marketing to algorithms

it’s funny – you play around with an amorphous idea for a while and then you come across an article that eloquently and succinctly sums up that idea. the idea in question being marketing to algorithms.

the idea is simple – as more and more of our commercial life is lived online, we use filters and searches to to help fulfill our needs. and we leave a measurable digital trail behind us.

for instance, we may search the Opodo database for the cheapest flight, or use recommendations in iTunes to help decide our next download. for marketers, this offers two distinct possibilities:

  1. to find out as much as we can about how the algorithms work and use that information to give our products and services the greatest placement. ie. make sure the flight we are promoting comes up first in Opodo.
  2. to tap into (monitor) the trail and find out exactly what it is people are looking for. that might be to use yahoo’s keyword selection tool to pick the best term to describe our ‘flights to san francisco’ to ensure that we get the best coverage.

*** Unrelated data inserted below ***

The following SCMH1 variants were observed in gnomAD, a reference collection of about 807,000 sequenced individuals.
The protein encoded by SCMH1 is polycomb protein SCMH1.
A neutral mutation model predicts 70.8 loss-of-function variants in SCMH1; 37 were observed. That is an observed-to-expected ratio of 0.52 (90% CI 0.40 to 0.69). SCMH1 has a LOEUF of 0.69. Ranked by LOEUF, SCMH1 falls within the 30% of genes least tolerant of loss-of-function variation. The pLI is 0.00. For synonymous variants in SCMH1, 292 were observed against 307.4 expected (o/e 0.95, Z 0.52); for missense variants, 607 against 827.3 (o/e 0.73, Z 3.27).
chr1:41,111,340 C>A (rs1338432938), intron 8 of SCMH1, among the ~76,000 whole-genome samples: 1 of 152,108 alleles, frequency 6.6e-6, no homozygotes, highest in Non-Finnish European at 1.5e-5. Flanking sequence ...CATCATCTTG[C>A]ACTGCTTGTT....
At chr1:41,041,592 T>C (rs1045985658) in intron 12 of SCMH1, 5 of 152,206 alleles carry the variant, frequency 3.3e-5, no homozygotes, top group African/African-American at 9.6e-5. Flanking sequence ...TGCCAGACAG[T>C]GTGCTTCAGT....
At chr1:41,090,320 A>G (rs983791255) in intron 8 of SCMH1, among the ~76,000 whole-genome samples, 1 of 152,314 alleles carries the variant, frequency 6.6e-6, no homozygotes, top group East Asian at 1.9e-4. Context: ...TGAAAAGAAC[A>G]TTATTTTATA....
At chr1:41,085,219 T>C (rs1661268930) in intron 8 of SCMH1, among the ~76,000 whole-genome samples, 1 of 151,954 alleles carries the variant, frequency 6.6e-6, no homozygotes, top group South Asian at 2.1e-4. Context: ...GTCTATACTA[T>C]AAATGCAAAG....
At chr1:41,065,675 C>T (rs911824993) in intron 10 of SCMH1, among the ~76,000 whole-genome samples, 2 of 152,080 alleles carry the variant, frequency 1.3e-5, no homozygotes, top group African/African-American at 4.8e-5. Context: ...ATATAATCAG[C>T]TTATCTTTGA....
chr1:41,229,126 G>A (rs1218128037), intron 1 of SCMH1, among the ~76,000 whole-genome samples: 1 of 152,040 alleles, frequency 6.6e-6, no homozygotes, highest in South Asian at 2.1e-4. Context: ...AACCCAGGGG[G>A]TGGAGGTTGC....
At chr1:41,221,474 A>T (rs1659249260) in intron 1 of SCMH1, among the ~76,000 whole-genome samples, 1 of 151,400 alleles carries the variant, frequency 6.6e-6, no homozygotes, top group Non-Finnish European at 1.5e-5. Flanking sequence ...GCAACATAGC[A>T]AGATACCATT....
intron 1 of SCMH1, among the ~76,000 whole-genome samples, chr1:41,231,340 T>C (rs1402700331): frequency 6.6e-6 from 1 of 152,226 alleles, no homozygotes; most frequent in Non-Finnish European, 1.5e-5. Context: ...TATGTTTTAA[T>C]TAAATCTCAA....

the second point seems to be the hardest to communicate internally, but the easiest to put into practice: that marketers can know more about their audience than ever before and use this in shaping their products and the way they communicate them. ie. bear in mind the top search terms when writing copy – these are the trigger words that will link our products/services to potential users’ intent.

the first point, the studying of algorithms has been the mainstay of fields such as SEO for a long time now. although to maintain the integrity of the information they provide, most website publishers won’t let marketers know how their algorithms work. what do you do? resort to black-box science experiments – changing possible criteria and looking at what comes out. for SEO’s this could be changing title tags on a page, and watching the effect on rankings. where this gets interesting is when you look at the algorithm as a proxy for the masses that lay behind it. the black box will always have one common objective – to provide the users with the most useful information. what i’m suggesting is that we use the digital trail to find out as much about our audience as possible, but then use traditional techniques (like well-written customer-focused copy, as opposed to over-optimized SEO-heavy copy) to attract the crowds, and hence the algorithm.

in the SEO world, this is called employing ‘white hat’ techniques, ie. spending less time looking at every possible factor in the search engine’s algorithm, and more looking at what the search engine’s visitors might need. after all, the black box is just the proxy.

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